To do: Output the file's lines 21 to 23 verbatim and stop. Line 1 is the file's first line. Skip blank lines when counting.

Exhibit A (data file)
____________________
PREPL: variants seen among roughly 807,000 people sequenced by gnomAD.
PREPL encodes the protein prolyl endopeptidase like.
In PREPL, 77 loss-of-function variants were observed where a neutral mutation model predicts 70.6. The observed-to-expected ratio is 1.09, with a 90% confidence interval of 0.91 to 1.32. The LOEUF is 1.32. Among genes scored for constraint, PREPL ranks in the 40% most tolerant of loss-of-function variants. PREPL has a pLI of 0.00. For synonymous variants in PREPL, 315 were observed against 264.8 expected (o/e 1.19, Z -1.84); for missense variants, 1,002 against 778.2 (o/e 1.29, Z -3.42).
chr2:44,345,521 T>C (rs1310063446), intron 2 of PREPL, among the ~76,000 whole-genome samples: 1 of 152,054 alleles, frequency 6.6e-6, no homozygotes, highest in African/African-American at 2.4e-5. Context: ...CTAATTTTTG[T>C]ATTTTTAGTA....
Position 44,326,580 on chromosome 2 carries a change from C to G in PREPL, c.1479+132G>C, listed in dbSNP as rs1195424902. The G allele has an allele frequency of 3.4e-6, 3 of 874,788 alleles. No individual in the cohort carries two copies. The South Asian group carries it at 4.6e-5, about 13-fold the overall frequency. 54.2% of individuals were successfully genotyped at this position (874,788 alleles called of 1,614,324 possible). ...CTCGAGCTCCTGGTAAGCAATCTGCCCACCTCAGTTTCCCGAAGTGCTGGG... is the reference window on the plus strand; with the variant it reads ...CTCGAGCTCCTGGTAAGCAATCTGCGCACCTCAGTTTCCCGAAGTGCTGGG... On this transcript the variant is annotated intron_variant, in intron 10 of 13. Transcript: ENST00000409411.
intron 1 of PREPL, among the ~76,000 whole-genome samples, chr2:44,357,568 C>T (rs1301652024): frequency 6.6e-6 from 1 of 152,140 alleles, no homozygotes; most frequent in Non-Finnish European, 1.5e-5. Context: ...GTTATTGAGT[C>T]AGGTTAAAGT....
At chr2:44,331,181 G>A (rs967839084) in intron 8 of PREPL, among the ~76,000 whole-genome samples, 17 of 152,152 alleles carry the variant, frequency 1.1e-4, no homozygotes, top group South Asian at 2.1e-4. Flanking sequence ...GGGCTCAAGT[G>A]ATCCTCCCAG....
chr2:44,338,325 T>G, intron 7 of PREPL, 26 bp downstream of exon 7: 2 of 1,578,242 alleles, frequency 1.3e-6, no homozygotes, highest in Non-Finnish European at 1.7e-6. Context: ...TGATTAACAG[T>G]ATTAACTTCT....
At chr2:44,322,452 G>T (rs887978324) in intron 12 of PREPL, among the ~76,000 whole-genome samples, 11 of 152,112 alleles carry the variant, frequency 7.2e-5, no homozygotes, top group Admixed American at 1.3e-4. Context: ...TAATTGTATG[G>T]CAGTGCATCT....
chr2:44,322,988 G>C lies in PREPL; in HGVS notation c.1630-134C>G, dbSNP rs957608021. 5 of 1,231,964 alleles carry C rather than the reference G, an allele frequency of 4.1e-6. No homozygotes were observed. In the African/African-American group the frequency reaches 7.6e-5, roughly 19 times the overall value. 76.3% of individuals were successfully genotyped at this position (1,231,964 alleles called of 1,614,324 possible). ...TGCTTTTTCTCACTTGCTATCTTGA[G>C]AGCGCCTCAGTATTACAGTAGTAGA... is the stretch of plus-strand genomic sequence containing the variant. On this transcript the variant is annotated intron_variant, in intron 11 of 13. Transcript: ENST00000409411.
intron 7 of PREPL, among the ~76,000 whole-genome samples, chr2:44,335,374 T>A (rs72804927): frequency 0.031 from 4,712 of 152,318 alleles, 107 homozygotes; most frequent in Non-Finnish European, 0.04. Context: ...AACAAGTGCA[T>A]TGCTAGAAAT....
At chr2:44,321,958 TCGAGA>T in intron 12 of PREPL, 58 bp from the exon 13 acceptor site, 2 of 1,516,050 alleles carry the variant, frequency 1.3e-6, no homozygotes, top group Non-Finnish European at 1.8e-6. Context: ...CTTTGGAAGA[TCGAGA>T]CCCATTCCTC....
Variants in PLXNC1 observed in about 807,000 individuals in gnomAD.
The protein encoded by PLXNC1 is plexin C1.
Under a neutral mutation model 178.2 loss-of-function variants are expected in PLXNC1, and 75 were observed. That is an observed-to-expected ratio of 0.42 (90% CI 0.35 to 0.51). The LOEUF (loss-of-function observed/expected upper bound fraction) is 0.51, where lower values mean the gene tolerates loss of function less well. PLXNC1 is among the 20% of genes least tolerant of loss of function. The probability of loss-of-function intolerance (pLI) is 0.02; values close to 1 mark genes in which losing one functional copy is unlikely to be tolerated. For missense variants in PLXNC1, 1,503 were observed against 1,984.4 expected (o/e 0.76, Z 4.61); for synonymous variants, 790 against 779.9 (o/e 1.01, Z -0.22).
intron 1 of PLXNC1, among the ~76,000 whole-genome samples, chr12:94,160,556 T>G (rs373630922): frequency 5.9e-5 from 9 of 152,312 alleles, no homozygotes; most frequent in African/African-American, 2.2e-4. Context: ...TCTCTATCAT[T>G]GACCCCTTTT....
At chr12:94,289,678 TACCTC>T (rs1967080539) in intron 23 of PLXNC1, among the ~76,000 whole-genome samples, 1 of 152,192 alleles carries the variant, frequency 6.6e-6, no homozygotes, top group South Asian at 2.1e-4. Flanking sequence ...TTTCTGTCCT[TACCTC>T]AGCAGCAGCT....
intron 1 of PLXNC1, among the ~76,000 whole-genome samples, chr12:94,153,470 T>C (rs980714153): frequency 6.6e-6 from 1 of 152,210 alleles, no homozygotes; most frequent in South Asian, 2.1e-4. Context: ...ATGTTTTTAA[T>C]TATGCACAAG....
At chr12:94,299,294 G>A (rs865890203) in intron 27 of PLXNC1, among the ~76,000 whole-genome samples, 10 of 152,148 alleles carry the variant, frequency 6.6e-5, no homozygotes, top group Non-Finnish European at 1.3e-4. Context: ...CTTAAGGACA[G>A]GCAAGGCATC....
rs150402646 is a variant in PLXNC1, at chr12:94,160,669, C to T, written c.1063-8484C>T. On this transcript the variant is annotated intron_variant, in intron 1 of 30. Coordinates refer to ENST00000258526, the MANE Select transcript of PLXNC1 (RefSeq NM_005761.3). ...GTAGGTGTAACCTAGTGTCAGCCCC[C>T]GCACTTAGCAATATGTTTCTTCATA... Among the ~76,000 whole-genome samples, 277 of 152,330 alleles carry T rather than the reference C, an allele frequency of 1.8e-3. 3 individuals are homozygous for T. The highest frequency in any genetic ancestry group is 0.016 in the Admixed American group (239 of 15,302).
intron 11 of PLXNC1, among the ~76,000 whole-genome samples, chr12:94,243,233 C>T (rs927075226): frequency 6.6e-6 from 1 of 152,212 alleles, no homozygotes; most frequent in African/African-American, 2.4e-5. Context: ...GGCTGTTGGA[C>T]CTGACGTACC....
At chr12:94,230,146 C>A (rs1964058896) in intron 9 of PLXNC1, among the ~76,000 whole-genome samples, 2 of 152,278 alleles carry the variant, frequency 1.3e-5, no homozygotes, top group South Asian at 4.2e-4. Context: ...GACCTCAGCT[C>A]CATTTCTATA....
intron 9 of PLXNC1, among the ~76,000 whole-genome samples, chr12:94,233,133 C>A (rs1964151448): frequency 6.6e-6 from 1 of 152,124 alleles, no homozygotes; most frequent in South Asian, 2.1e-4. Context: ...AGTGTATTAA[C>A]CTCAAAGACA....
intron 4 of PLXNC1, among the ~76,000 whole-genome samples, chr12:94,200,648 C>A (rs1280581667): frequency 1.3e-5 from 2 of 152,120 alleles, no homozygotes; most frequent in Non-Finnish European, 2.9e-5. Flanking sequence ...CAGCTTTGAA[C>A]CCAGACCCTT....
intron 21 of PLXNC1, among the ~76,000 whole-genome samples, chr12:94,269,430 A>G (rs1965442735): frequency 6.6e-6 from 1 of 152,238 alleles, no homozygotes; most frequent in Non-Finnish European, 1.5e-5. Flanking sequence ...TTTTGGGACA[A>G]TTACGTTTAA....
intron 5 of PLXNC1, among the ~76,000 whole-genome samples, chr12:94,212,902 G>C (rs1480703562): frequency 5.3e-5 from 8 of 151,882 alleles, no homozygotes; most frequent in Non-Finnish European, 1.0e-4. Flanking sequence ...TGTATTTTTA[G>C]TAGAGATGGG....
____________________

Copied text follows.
intron 11 of PLXNC1, among the ~76,000 whole-genome samples, chr12:94,243,233 C>T (rs927075226): frequency 6.6e-6 from 1 of 152,212 alleles, no homozygotes; most frequent in African/African-American, 2.4e-5. Context: ...GGCTGTTGGA[C>T]CTGACGTACC....
At chr12:94,230,146 C>A (rs1964058896) in intron 9 of PLXNC1, among the ~76,000 whole-genome samples, 2 of 152,278 alleles carry the variant, frequency 1.3e-5, no homozygotes, top group South Asian at 4.2e-4. Context: ...GACCTCAGCT[C>A]CATTTCTATA....
intron 9 of PLXNC1, among the ~76,000 whole-genome samples, chr12:94,233,133 C>A (rs1964151448): frequency 6.6e-6 from 1 of 152,124 alleles, no homozygotes; most frequent in South Asian, 2.1e-4. Context: ...AGTGTATTAA[C>A]CTCAAAGACA....